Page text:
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Please use this identifier to cite or link to this item: http://hdl.handle.net/123456789/2527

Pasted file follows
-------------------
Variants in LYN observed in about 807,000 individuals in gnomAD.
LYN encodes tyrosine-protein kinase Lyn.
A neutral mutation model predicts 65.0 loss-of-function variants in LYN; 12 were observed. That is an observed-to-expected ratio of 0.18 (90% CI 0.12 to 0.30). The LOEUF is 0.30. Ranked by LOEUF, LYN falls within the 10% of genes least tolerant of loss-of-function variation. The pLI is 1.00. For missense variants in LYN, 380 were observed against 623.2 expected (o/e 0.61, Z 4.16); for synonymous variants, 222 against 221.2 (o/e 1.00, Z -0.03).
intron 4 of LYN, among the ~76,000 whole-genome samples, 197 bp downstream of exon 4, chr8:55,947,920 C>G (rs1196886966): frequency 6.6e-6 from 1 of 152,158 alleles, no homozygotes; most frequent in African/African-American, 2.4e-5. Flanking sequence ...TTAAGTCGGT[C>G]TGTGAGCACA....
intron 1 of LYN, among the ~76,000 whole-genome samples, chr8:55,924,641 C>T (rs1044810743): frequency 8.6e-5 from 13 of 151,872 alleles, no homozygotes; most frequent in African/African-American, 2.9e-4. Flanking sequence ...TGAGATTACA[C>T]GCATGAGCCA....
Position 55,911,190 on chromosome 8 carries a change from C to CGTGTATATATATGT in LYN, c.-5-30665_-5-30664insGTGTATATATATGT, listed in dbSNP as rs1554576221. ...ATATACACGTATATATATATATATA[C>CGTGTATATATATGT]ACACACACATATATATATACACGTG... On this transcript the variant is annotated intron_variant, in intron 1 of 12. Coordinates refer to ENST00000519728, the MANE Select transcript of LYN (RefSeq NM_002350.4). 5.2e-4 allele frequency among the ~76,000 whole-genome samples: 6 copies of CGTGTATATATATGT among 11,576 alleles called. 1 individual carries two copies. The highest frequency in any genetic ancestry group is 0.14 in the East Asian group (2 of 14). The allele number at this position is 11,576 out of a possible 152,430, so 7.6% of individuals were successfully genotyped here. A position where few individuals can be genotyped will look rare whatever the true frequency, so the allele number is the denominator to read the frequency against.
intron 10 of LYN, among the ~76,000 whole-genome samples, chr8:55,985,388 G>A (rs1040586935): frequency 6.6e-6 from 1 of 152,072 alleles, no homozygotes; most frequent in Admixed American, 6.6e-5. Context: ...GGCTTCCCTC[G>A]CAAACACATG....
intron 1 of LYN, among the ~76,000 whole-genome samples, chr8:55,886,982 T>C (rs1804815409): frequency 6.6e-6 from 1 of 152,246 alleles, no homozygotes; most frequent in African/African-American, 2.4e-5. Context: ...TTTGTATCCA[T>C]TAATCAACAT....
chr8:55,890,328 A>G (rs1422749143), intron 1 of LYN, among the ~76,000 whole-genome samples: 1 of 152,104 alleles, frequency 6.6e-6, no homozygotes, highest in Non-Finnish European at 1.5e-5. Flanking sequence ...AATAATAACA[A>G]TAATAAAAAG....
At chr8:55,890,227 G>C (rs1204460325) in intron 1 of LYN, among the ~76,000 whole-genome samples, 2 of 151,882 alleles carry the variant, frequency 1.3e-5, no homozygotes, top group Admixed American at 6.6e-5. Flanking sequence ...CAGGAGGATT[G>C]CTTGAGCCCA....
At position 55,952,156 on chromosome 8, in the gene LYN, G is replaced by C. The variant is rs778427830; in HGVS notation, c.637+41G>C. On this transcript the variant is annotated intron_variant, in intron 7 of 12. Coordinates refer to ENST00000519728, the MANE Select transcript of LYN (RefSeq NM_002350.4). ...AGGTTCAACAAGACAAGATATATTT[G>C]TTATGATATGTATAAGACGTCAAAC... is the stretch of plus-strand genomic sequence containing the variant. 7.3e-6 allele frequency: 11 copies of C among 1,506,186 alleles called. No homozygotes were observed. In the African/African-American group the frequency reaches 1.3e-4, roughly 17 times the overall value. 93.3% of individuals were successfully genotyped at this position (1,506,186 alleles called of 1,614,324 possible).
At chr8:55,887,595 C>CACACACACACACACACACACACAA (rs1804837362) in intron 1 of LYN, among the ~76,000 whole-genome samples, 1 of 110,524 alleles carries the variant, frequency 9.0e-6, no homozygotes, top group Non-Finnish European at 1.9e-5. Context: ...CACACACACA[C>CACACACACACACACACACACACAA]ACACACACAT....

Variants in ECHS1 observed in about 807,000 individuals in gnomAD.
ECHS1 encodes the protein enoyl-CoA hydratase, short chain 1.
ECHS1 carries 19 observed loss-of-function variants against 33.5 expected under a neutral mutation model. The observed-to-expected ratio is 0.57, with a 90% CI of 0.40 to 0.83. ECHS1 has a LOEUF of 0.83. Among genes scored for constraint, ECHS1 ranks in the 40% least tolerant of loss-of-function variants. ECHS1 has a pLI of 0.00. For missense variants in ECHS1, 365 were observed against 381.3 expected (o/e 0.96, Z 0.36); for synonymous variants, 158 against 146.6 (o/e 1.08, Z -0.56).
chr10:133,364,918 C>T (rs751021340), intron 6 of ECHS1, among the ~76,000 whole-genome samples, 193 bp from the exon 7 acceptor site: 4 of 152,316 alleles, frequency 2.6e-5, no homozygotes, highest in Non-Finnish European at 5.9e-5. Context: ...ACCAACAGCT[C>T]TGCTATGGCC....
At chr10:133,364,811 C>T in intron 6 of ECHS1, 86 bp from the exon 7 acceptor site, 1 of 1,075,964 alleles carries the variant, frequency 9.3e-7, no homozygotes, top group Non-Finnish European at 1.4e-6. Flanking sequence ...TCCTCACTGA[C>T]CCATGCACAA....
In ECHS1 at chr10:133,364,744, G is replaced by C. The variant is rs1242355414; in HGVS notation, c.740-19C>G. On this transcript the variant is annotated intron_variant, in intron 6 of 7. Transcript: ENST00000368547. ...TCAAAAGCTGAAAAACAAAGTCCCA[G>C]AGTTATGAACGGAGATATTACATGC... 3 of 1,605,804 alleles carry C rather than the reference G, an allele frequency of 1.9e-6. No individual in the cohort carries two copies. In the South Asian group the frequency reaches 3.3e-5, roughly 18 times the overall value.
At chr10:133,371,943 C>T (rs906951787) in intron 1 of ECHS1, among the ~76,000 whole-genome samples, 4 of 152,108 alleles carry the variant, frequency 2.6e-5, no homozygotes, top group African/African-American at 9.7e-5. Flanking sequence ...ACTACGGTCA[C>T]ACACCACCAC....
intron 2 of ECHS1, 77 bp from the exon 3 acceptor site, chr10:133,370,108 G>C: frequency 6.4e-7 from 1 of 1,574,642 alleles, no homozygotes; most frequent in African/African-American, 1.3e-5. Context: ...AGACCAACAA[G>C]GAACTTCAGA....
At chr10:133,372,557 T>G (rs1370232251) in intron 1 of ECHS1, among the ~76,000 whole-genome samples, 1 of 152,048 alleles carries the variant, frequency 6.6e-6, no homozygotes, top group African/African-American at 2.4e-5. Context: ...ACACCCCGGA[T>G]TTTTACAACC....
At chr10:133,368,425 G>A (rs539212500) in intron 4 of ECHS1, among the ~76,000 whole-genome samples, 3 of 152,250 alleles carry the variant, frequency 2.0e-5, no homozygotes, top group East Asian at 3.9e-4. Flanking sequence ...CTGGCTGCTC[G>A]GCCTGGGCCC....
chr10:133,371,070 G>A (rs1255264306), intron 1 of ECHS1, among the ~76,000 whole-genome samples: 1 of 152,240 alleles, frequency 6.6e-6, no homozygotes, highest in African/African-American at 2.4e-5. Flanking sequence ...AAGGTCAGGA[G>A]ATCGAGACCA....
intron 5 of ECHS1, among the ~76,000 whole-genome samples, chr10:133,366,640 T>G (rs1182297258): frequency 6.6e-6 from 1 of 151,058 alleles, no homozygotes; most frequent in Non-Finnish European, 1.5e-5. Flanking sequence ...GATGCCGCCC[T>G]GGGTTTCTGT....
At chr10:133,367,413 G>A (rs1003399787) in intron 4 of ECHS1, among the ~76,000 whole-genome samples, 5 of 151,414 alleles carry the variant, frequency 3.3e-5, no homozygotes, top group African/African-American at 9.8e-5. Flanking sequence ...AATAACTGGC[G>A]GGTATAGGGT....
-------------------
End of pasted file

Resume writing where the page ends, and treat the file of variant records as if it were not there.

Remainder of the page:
Title: Community participation approaches to rural development in Ghana - a study of Fanteakwa District in the Eastern Region
Authors: Adinku, Ebenezer Kofi Narh
Issue Date: 1-Feb-2000
Series/Report no.: 2847;